For me, a highlight and a lowlight, in equal measures, was discovering Heartlands’ new kettle fried chip flavour — gin, lemon and thyme. Oh my goodness, it’s like the potato crisp equivalent of the Johnnie Walker Black Label.
I could continue with a plethora of data around the poor biodiversity of our diet and the correlation with a less biodiverse gut microbiome and associated health problems, but that’s not what I want to address in this column, suffice to say, we are not eating enough variety of fruits, seeds and vegetables in our diets — my love for potato chips does not help matters.
What I have been thinking about in connection to this is how this relates to our food chain. We tend to point the finger at landowners for the lack of diversity of what we grow, without examining the whole food supply chain and how that influences what is available to us.
In the last lockdown I quoted Prof Tim Lang. In the United Kingdom, just eight companies controlled 90% of the food supply, he said in The Guardian in March last year.
If eight companies control the food supply in the UK, with companies like Tesco controlling 30% of that food supply, what controls are in place to support growers and small food businesses? What incentives are there for growers to implement multi-crop farming systems if they get paid the absolute minimum the big supermarket chains can get away with?
The lack of vegetables being grown on the Taieri, compared with 50 years ago, partly tells New Zealand’s story.
The recent report released by the Commerce Commission investigating our supermarket duopoly found that food prices in New Zealand were the sixth-highest in the OECD and the chains’ profits were ‘‘persistently high’’ at 22%-24% return on capital.
This begs the question: who is responsible for the affordability and diversity of what we eat and grow? The return on capital for market gardeners, horticulturalists and livestock farmers ranges from zero (or worse) to 10%, add to that the increasing cost of compliance and challenges with labour, and bingo, being a supermarket owner looks to be a smarter option.
Covid-19 lockdown standards have added extra costs to supermarket owners, which is no picnic I am sure — unfortunately though, it also increases their domination as farmers markets, small vegetable shops and butcheries are not able to open at all, and many are battling for survival.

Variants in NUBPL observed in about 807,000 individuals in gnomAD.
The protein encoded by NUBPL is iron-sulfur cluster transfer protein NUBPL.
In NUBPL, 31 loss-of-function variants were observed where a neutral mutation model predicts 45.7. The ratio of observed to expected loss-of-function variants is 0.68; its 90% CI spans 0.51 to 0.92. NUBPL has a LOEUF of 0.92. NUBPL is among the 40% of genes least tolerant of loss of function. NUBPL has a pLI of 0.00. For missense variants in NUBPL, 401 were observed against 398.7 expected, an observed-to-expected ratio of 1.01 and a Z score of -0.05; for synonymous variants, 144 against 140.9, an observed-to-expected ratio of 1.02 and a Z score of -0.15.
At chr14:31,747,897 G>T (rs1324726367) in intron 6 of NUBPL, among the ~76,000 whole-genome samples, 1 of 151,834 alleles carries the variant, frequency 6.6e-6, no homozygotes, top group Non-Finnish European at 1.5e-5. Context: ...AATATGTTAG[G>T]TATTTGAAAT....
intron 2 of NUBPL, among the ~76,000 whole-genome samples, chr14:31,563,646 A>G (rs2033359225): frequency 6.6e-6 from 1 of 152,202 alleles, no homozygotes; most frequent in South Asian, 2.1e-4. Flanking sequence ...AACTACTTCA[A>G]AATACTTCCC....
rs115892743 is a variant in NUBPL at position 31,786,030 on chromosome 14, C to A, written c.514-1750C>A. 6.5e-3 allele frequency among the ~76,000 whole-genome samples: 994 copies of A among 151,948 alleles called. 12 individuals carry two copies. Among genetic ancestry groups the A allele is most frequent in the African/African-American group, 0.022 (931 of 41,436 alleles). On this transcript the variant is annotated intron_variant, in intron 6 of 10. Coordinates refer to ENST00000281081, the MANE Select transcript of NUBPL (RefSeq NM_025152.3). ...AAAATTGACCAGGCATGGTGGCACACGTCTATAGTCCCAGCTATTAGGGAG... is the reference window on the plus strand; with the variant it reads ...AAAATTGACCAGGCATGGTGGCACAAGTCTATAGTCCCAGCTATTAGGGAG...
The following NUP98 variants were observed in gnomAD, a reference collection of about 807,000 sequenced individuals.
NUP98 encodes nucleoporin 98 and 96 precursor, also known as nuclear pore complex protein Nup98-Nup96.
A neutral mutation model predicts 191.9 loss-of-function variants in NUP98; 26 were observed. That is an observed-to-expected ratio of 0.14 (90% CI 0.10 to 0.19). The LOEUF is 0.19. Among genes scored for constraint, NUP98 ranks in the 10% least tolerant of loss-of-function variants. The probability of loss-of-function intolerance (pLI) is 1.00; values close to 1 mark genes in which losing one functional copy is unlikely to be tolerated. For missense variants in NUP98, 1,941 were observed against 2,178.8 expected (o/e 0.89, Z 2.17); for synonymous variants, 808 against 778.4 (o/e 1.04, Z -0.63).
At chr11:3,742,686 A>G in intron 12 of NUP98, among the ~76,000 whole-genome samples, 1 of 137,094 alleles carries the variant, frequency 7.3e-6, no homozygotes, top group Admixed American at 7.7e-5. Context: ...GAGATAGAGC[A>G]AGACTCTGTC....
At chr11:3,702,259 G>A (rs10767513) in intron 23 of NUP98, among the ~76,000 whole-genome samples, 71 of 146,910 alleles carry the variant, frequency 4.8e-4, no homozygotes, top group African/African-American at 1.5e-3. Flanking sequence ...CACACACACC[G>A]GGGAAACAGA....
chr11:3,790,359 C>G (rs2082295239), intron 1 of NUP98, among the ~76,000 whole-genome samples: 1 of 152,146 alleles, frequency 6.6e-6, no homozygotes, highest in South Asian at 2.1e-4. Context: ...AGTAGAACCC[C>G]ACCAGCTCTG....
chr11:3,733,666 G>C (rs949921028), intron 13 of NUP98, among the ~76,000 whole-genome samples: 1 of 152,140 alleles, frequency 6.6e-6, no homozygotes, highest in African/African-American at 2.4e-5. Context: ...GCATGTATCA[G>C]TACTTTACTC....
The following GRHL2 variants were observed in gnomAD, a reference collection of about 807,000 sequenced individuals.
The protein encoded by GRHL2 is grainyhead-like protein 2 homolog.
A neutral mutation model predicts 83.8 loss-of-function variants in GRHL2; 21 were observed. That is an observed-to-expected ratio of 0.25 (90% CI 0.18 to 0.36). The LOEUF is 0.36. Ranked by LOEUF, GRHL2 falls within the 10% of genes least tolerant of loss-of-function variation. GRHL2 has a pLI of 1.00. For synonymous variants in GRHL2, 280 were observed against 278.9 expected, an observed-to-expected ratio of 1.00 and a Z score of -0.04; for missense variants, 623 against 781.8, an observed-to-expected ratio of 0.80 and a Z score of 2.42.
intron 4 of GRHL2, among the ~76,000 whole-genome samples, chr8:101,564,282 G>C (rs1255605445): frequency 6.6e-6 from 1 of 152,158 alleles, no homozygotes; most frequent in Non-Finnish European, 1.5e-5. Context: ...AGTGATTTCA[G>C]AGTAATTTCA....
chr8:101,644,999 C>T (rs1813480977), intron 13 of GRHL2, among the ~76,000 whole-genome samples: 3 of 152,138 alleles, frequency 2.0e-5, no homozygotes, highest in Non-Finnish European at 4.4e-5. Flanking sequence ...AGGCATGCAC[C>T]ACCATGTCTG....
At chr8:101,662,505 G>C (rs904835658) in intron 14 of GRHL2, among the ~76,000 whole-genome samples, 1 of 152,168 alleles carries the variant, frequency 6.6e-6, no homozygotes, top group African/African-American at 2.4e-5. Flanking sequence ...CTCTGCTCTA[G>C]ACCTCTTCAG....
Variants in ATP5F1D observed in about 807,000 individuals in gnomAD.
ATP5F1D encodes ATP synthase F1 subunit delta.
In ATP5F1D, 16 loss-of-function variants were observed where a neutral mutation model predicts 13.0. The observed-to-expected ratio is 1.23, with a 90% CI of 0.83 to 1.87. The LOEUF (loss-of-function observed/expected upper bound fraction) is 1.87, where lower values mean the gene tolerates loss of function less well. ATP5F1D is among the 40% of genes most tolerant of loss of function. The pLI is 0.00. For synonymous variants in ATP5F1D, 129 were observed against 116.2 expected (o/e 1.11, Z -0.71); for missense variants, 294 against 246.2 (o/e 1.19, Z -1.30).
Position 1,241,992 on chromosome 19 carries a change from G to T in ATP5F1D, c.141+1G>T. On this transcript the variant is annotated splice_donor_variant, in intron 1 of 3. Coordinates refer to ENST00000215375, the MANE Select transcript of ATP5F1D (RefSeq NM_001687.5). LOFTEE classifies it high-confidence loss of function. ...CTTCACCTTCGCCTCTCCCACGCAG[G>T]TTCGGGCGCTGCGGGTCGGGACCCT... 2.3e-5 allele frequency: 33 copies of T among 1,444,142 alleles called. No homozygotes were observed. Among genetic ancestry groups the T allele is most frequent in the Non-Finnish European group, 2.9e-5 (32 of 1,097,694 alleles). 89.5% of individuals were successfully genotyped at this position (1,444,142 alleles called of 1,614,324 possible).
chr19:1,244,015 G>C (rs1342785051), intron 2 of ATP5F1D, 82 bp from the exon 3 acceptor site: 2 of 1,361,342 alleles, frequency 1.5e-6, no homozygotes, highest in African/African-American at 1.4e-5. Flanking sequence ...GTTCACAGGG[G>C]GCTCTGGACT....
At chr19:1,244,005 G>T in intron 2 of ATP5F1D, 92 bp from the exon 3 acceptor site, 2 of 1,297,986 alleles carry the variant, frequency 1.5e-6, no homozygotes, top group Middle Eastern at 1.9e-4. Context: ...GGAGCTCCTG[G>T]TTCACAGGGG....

I am lucky enough to be working on some interesting projects which examine opportunities for land-use change in New Zealand. There are lots of factors to take into account, including financial return for farmers, environmental footprint and social impacts. Another factor is the supply chain — how can profits be distributed more fairly?
Eating healthy fruit and vegetables in New Zealand is expensive and for some families, not affordable at all. To reduce the supermarket power in the UK, Prof Tim Lang suggests capping any one chain’s market share at 15%, to create and allow for greater competition. With the findings from the New Zealand Commerce Commission’s draft report we now have data and a platform from which to drive change.
If the New Zealand Government wants to create impact in regards to access to healthy foods for low-income families and promoting growing multiple land-use in New Zealand, then it needs to drive changes in our supermarket system. ‘‘If competition was more effective, retailers would face stronger pressures to deliver the right prices, quality and range to satisfy a diverse range of consumer preferences,’’ Commerce Commission chairwoman Anna Rawlings said.
It’s definitely time to put energy into developing whole supply chain solutions that look beyond the farmer.
- Anna Campbell is the co-founder of Zestt Wellness, a nutraceutical company and a partner of AbacusBio Ltd, an agri-technology company.